UPDATE: The rape charges against Carlos Enrique Alegria were dropped on December 18, 2013. Click here for more details.
We have new facts on an alleged rape in Washington County, Tenn.
Carlos Enrique Alegria, 27, of Johnson City, was in court on Friday after Sheriff's deputies told us he raped a woman on Cash Hollow Rd. on Thursday.
Alegria is being charged with aggravated rape and resisting arrest.
He's in jail and bond is set at $50,000. Alegria is not allowed to have contact with his accuser, who we're told is an acquaintance.
Alegria will have a preliminary hearing on December 17, 2013. The court has appointed him a public defender.
911 dispatchers used interpreter and GPS to track call
We talked to Washington County dispatchers who helped a deputy intervene in the attack.
The Washington County Sheriff's Office told us Deputy Darrell Collins found the rape in progress in a car on the side of the rode.
We're told the victim called 911 shortly before the deputy arrived.
Washington County dispatch told us they heard a conversation in Spanish when they picked up the phone at 3:20 a.m., so they had to bring in an interpreter.
"We use a service called LanguageLine and we basically conference LanguageLine in with the caller and 911 operator," said Randall Lewis, the assistant director at Washington County Emergency Communications District.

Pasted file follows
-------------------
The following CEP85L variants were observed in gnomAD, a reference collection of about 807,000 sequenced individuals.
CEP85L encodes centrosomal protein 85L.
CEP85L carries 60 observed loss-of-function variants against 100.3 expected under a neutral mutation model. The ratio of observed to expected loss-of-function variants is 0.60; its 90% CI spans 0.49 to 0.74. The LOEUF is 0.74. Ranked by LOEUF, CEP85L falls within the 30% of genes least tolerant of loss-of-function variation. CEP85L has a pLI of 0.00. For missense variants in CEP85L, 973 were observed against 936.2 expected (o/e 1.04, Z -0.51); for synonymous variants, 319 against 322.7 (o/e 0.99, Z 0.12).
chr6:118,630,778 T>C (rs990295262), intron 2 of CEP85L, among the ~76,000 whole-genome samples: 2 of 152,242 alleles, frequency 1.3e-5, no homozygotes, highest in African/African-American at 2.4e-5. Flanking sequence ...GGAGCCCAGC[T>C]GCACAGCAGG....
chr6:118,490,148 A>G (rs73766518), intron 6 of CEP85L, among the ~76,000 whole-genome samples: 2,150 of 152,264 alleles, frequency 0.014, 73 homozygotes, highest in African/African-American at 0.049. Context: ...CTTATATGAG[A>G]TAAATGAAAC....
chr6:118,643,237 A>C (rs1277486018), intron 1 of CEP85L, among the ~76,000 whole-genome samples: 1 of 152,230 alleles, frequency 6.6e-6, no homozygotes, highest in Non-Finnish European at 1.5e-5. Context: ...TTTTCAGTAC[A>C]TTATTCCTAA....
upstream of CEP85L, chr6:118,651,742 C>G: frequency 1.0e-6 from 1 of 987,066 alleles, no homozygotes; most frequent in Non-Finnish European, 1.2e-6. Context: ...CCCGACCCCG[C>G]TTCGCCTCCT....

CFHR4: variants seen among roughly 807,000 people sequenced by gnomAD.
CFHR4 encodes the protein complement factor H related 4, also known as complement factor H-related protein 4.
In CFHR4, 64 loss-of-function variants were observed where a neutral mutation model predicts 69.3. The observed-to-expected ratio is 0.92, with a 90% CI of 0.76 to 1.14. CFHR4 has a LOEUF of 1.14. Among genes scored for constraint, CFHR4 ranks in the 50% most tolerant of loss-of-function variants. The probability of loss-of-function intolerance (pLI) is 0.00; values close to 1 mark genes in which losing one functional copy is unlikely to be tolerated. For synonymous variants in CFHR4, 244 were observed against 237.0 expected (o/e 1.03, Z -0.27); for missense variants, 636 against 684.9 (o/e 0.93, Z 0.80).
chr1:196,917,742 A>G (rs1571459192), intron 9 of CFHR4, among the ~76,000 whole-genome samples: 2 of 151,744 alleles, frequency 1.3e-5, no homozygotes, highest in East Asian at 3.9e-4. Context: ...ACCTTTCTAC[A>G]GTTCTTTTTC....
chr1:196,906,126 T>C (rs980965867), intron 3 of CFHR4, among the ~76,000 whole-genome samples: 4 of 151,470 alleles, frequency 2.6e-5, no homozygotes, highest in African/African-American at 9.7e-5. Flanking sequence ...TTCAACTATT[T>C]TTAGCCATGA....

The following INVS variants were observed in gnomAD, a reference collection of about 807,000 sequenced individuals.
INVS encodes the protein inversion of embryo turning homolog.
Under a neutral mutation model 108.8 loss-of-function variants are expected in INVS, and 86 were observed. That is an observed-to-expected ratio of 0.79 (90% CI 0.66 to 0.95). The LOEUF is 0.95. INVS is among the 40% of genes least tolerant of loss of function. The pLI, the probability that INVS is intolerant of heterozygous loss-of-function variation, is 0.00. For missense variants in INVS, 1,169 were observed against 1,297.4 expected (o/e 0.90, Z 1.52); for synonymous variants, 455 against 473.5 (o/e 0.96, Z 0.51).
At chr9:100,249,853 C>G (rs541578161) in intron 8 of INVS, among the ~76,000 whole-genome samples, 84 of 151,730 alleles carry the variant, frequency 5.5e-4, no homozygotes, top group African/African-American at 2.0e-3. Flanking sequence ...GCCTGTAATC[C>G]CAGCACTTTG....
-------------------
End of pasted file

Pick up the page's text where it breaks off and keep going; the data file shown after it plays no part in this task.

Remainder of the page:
The interpreter told them it sounded like a woman was being assaulted, said Lewis.
Dispatchers pulled up another tool to find out exactly where the call was coming from.
"Most of your newer phones have a GPS locator in them," Lewis told us. "Based on the phone and the wireless carrier's network, it allows us to get the latitude and longitude of where the phone is."
Authorities told us the deputy was at the scene in time to keep the alleged rape from going further.
"I've never had it happen before," said Ed Graybeal, the Washington County Tennessee Sheriff.
Graybeal told us this is the first time in his 34-year career they've been able to stop an alleged assault like that.
He said the GPS technology and interpreter may have saved the woman's life.
"In my mind, and only my mind, I can't prove this, I don't know if she would've lived through the encounter," Graybeal told us.
Dispatchers said that if you find yourself in a threatening situation, you should call 911 and leave the line open like this woman did.
Studies from the Pew Research Center show that 70% of all 911 calls come from wireless phones.